From The Hindu (5 February 2001):
"'Earthquake diplomacy' has a precedent"
By K.K. Katyal
NEW DELHI, FEB. 4. During a week-long stay in Athens around the middle of last month, the words "earthquake diplomacy" figured more than once in my discussions on a major issue there, Greece's relations with Turkey.
This was a reference to the accelerated moves for rapprochement between the two countries in the midst of outpourings of sympathy and support in Greece for the victims of an earthquake in Turkey in September 1999. Little did I realise that, soon after my return, I would find these words, or something like that, in use here--in the context of India-Pakistan relations in the wake of the Gujarat calamity. The result of a cruel stroke.
The question, often asked is whether, in the present chastened mood, New Delhi and Islamabad would tone down their animosities and persuade themselves to begin talking about their differences and resume the dialogue.
Those attempting a reply could not shed much light: instead, at times some heat was generated. However, a promising turn is discernible after initial hiccups.
Whatever else may or may not emerge out of it, the stalled SAARC summit is certain to be revived.
Even before the Gujarat catastrophe, New Delhi had veered round to the view that its opposition to the meeting of the heads had served the purpose and continuation of this policy would be counter-productive.
Now that the Prime Minister, Mr. Atal Behari Vajpayee, and Pakistan's military ruler, General Pervez Musharraf, had had a telephonic talk and Pakistan sent relief material for the quake victims, which was gratefully accepted, the rationale of New Delhi's stand against the holding of the summit, because it would mean the presence of an army dictator responsible for dismissal of the democratic government, did not make sense.
The earlier context changed now. Also, one could safely count on yet another extension of the ceasefire, due to expire on February 25. It may be premature to talk of other gains but reduction in the level of militancy and the pruning of security forces in the State by India could open up new beneficial possibilities.
The earthquake diplomacy reached this point, after following a zig-zag course and experiencing the resultant jolts. Gen. Musharraf rushed into announcing India's "rejection" of Pakistan's help, though all that New Delhi said was that it would inform Islamabad of its precise requirements. Fortunately, the misunderstanding was removed, thanks to timely exchanges at the diplomatic level.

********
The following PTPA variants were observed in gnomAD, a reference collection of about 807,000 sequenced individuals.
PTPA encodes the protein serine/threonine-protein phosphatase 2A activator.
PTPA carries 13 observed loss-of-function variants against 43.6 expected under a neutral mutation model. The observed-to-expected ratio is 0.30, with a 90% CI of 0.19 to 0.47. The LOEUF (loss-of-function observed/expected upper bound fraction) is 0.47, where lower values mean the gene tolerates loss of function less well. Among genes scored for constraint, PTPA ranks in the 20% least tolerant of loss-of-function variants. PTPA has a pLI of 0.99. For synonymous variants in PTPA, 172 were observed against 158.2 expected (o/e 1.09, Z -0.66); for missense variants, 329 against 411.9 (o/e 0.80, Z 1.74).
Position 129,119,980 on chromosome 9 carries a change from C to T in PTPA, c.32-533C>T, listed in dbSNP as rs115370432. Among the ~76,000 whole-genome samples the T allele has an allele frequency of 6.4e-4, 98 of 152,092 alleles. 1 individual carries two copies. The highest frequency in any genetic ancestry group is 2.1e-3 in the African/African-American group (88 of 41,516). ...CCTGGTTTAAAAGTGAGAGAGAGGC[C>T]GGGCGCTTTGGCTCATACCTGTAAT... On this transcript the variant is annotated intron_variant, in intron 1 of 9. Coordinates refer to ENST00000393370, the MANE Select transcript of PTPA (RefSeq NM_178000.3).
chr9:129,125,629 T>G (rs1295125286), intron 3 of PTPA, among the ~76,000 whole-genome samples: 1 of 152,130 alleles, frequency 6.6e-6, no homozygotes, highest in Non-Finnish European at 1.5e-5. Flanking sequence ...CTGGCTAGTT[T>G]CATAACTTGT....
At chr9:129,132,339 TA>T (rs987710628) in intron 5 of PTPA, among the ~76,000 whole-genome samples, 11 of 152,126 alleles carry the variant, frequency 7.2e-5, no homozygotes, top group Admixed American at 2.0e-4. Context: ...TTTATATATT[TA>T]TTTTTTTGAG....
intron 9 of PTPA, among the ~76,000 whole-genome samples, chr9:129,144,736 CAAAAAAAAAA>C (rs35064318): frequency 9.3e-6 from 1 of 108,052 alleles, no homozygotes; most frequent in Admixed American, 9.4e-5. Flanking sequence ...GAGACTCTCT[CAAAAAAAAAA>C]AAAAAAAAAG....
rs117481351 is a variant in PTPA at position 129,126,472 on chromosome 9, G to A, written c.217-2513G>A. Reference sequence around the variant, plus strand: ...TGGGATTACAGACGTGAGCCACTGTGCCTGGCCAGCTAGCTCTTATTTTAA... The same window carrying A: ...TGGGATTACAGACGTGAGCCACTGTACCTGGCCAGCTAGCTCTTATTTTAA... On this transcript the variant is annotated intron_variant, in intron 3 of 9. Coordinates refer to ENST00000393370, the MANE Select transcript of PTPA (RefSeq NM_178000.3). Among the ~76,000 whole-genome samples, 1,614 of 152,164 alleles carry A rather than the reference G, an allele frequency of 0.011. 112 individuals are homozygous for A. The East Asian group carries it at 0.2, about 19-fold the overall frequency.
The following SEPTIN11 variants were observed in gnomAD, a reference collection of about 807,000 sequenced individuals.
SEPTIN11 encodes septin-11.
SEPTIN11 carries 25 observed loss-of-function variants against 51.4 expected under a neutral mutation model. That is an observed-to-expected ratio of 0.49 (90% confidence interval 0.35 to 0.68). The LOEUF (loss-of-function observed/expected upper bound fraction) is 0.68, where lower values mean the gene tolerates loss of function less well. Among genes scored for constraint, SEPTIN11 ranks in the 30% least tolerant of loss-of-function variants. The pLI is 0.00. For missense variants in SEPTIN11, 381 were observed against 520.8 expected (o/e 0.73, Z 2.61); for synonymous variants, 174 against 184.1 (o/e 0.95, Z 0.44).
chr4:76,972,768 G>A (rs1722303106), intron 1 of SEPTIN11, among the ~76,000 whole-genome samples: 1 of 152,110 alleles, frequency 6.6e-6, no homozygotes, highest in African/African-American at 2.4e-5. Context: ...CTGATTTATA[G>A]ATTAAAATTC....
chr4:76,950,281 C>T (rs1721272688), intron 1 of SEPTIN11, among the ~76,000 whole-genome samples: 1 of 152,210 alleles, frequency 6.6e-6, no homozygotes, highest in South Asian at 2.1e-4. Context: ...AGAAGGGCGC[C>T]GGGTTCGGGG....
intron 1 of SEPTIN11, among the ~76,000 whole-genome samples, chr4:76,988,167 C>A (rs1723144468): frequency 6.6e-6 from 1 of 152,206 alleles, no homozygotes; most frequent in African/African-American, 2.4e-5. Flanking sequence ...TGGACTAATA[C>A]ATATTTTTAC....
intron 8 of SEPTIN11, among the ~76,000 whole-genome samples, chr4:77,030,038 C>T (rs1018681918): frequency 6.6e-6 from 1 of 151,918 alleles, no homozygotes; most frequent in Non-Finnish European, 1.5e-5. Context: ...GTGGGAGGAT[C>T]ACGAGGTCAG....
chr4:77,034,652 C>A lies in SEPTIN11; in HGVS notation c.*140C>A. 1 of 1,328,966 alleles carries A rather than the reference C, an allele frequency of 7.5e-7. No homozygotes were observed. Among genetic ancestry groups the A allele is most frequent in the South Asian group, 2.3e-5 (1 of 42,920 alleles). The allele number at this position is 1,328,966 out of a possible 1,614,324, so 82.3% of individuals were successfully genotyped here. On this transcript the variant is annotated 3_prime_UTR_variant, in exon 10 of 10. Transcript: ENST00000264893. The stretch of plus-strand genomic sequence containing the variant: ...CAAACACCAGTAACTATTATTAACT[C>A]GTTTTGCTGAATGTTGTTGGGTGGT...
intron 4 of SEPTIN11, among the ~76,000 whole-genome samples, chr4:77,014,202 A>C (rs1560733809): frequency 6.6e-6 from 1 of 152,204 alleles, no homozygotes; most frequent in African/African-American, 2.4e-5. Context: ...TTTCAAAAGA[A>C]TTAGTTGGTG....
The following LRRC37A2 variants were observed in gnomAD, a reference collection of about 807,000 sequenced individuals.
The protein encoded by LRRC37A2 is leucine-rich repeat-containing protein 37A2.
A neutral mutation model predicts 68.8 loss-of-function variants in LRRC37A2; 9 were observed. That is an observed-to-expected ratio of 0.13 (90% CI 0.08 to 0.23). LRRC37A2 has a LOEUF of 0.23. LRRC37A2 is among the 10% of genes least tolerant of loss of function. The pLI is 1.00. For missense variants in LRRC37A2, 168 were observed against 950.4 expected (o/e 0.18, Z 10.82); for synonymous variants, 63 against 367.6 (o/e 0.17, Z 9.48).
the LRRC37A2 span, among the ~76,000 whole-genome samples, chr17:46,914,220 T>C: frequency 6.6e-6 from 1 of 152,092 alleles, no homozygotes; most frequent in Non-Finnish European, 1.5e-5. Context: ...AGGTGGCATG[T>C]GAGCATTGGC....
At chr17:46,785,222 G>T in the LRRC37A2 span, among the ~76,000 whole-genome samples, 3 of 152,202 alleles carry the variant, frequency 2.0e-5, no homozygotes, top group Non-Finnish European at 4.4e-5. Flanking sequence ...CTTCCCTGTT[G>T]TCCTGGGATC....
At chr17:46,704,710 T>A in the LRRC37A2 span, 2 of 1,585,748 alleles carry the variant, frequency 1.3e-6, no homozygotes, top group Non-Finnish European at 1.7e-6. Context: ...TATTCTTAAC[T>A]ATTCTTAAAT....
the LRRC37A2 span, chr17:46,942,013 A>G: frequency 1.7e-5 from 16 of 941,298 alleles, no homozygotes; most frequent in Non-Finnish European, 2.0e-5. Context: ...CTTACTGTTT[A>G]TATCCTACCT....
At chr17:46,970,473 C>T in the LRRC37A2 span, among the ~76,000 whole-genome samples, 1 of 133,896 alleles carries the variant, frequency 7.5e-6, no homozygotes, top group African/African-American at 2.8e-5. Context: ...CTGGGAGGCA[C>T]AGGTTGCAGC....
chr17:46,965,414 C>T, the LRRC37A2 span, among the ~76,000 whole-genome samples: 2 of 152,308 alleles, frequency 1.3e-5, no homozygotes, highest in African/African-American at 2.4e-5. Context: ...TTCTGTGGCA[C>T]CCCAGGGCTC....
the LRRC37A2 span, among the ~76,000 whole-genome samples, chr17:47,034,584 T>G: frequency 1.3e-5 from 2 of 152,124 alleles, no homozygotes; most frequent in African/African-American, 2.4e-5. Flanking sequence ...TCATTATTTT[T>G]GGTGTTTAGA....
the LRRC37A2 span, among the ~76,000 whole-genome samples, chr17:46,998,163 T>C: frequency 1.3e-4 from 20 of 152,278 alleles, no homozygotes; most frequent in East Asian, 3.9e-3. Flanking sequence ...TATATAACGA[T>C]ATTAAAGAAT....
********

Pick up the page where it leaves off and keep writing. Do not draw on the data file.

Earlier, the two sides appeared to take a dim view of the chances of new initiatives, as a result of the contacts in the wake of the Gujarat tragedy. Two cases would bear it out.
At the recent meeting of the International Press Institute, the External Affairs Minister, Mr. Jaswant Singh, was asked by a foreign journalist whether the South Asian region would witness a parallel of the Greek-Turkey post-earthquake diplomatic moves.
The Minister was cautious, saying experience in one area could not be transferred horizontally to another, and that rapprochement model may not be applicable here. India-Pakistan contacts had been on, he said, citing the exchange of the lists of nuclear facilities in their respective territories on January 1 (in pursuance of an agreement signed over a decade ago).
Whether Islamabad would put an end to its compulsive hostility was the core point, according to him.
In a CNN discussion, a London-based Pakistani journalist of the Jang made light of the conclusion of his Indian partner that the sharing of the grief and the despatch of relief supplies by Islamabad could lead to substantive bilateral moves.
He made a distinction between sympathy for disaster victims (Indians would have helped, had, God forbid, something happened in Pakistan) and new political-level beginning. He ascribed his cynicism to deep animosity between Hindus and Muslims--when told this was not the case in secular India, he amended his formulation with a reference to animosities between Hindu India and Muslim Pakistan.
He was not hopeful of resumption of the dialogue, saying the Indian Government would now cite its preoccupation with the aftermath of the earthquake to delay the process.
Even in Athens, opinions differed on the significance of the sympathy factor for the bilateral dialogue. According to Foreign Ministry officials, the conciliation bid had begun months before the disaster.
In the Federation of Greek Industries, the perspective was more positive--"Because of unfortunate circumstances, our ties with Turkey were strained. But after the earthquake, the people went ahead of politicians and offered help and sympathy." "Political limitations," it was pointed out, were major obstacles.
But the rapprochement, "initiated recently brings about a new era of commercial and economic relations. And once economic collaboration begins, political cooperation will follow."